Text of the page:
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But there were a couple of issues.  First, my Garmin (and many other runners said this as well) was registering 0.2 more than each mile marker.  It is kind of hard knowing at mile 3 that you will not be done until 26.45 miles.  Secondly, we were in the canyon until about mile 20 which offered nice shade, but then we were in the direct sun just as the hills began.  And when I looked at the last 6.2 miles of the course (because by the end everyone, even the fast male runners, were complaining about how bad the hills were), here is what it looked like.  So basically you trash your legs running downhill and then get sun and hills at the end.

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But it was so beautiful!  Not as amazing as I imagine trail running must be, but still, how often do you get the chance to run down a canyon in the Rocky Mountains beside the Big Thompson River?  Leaving Estes Park I saw a lone Elk standing placidly on the other side of the road just watching us.  And seeing the sun come up and the sky change from black to all shades of pastel over the tree lined mountains was just breathtaking.  I wish I could have taken pictures of what it looked like to be running down hill and to see runners spread out along the road ahead of me.  Clint got a picture of the sky outside the hotel.

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Because of my disappointment after seeing the course the day before I was not quite sure how to run the race.  Eventually I decided I would just aim for my 3:30 and see what transpired.

I was doing okay on pace and breathing and felt decent until about mile 21.  Around that time there was a big hill and it was sunny and hot and I was feeling the results of running downhill.  The hill was big enough that I actually walked for about 30 seconds while thinking: I don’t know that I really want to do this anymore.  I made myself start running again, afraid that I might not want to if I kept walking.  I walked through two aid stations after that, as well as 20 seconds up part of another hill.  I just didn’t care.  Those hills were in a nasty place and I was just tired.  Mile 21 to the end was very much a mental game; I had to divide the miles into parts and then even smaller parts in order to finish.

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And where was my Dear Husband during this time?  He had the three darling children who had been awake since 4:50 am.  They went back to the hotel, got dressed, ate, checked out of the hotel and headed down the mountain.  They caught up to me just past the half marathon point.  Clint would drive a bit, get out, cheer loudly, take pictures, hop back in the van and yell, I love you Babe! and repeat.  He did that for 13 miles.  It was so fun to see him show up and it was nice to have my own cheering squad.  He made sure to stop on the last hill (Loooooong hill) around mile 25 which meant that he missed the finish because he had to carry and escort three small children across the parking lot, but he definitely made the right call.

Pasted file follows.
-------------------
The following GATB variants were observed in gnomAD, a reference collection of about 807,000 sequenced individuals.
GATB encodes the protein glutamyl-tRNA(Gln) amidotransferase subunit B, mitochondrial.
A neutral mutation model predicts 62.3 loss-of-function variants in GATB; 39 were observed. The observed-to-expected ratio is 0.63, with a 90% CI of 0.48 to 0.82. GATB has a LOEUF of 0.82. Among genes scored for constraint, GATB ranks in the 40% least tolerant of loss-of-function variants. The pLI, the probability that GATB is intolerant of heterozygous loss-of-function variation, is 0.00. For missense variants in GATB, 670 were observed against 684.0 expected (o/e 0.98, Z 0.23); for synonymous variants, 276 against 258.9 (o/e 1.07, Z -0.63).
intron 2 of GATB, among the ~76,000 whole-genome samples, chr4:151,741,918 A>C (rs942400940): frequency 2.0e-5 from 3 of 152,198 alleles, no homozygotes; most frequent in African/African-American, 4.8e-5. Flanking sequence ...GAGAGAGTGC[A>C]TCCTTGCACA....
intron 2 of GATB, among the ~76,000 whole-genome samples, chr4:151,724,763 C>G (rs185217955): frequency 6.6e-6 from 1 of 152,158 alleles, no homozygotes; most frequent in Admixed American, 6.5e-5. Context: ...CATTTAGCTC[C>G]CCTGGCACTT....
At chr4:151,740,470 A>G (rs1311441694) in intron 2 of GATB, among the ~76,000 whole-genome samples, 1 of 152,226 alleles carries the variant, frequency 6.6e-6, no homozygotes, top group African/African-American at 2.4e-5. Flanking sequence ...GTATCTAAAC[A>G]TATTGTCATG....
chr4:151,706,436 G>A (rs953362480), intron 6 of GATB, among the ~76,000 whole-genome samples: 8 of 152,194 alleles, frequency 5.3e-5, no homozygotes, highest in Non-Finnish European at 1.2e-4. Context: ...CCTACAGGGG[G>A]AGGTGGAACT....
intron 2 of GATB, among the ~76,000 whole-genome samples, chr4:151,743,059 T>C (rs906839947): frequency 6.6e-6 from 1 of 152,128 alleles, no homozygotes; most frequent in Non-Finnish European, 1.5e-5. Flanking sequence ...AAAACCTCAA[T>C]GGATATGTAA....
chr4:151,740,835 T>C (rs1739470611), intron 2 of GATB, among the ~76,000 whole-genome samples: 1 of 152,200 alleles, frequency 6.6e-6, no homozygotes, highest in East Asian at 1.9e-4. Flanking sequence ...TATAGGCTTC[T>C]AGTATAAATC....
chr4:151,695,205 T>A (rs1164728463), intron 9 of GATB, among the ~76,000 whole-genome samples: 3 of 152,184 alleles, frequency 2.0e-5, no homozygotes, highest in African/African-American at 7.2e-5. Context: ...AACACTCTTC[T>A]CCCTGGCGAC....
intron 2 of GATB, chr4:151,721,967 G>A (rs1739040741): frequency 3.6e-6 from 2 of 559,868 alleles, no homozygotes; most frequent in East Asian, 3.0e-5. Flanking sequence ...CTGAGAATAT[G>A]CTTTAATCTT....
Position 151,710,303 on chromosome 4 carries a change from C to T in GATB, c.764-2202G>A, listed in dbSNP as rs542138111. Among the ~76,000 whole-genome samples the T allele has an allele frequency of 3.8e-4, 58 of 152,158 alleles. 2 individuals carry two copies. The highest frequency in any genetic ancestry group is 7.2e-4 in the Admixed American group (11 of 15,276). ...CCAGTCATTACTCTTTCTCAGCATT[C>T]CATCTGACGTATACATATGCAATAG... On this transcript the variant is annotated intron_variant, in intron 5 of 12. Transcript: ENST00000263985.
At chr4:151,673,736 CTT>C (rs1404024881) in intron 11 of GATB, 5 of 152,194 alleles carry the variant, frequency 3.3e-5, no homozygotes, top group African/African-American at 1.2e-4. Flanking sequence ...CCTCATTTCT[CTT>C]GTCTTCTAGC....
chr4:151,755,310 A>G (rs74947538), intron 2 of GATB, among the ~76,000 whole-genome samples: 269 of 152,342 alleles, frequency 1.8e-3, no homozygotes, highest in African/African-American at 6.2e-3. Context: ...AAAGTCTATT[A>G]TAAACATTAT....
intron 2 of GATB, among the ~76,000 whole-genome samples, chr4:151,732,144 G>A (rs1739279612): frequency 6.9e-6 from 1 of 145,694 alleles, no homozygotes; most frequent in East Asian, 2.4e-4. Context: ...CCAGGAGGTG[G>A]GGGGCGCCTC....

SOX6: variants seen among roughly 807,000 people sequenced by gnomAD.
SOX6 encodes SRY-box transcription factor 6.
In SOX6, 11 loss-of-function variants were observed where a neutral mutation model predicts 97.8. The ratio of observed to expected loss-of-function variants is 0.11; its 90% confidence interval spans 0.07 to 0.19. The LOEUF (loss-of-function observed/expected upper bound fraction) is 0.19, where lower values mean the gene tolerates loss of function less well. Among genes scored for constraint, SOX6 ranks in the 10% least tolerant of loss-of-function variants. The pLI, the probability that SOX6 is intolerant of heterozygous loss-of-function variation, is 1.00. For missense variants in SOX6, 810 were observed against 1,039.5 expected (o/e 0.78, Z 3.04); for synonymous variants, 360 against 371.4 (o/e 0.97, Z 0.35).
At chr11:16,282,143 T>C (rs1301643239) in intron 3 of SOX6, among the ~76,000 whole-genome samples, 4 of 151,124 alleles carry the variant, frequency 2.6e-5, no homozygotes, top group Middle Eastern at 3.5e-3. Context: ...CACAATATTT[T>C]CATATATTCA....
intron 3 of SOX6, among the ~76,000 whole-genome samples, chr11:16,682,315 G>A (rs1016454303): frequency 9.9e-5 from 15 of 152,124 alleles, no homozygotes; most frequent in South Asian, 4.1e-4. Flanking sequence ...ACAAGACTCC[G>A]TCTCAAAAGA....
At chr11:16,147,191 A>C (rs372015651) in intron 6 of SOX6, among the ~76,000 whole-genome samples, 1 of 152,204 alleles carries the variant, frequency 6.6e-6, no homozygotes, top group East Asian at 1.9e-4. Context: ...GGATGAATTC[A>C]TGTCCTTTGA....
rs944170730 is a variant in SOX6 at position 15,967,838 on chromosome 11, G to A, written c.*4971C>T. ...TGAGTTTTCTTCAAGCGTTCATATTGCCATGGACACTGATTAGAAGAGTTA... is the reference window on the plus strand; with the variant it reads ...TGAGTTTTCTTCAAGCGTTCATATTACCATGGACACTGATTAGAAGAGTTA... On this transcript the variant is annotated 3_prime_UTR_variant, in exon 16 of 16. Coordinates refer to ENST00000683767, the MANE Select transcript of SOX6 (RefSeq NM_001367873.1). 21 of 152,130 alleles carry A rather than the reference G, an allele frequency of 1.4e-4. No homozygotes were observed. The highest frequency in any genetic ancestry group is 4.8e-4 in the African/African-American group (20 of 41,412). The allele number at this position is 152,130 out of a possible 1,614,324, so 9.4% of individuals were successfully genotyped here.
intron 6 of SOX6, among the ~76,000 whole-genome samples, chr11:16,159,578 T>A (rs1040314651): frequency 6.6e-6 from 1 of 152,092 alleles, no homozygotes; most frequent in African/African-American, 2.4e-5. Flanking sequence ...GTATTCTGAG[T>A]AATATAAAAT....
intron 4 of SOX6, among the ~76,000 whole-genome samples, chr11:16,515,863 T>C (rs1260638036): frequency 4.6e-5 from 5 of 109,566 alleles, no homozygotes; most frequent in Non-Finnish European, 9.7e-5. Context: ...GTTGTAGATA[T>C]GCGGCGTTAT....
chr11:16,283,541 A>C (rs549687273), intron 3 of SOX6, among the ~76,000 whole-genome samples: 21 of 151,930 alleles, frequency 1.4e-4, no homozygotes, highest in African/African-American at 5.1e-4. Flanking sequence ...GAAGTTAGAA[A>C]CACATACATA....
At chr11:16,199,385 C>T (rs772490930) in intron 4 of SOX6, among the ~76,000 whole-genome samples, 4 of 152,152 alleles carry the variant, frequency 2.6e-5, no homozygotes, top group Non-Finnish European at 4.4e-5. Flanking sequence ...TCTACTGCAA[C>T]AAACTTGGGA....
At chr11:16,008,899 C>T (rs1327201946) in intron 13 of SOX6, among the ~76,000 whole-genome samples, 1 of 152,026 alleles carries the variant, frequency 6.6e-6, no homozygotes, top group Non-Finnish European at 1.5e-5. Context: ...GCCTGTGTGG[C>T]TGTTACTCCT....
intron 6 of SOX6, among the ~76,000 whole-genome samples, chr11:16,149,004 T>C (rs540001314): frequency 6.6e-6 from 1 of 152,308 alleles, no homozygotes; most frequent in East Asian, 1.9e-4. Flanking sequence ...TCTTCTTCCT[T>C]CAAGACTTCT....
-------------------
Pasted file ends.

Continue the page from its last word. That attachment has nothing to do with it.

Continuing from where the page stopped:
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I hit the 26 mile marker with 26.2 on my Garmin and then had to keep running what seemed like forever.  I crossed the finish and then found that I did not want to move.  My poor legs.  I finished (gun time – there was no timing mat at the beginning) in 3:34.43, which qualified me for Boston and was way better than I thought I would do on that course.  I was the 45th finisher and 14th female.  I was 4th in my age group – let’s hear it for women in their 30′s!  The first woman won in 3:12.  This was not a course for breaking Colorado’s records at all!  We stayed at the after party long enough for husband to eat the free meal (I was feeling sick) and for me to drink the free beer (not sick enough to pass up a beer) and for me to attempt to feed Liliana in a crowded bathroom.  Fun family marathon times.

The marathon was put together to raise money for the flood victims from last year and I loved that they used so many local business (some of the food was local) and the medals were actually hand made by potters in the area.  Pretty cool!

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For the minimal training I did I feel pretty happy to have gotten by with some sore toes, and sore quads/calves/shins.  Also, my right arm is killing me?  I need to get some sort of strength training going before my next marathon because I do not like having sore arms from running!  Speaking of the next marathon, I did not actually know that registration for Boston was opening the next day -that was completely a surprise!  Am I the only one who feels like committing to another marathon while my body is still sore is akin to giving birth and then promptly planning to get pregnant?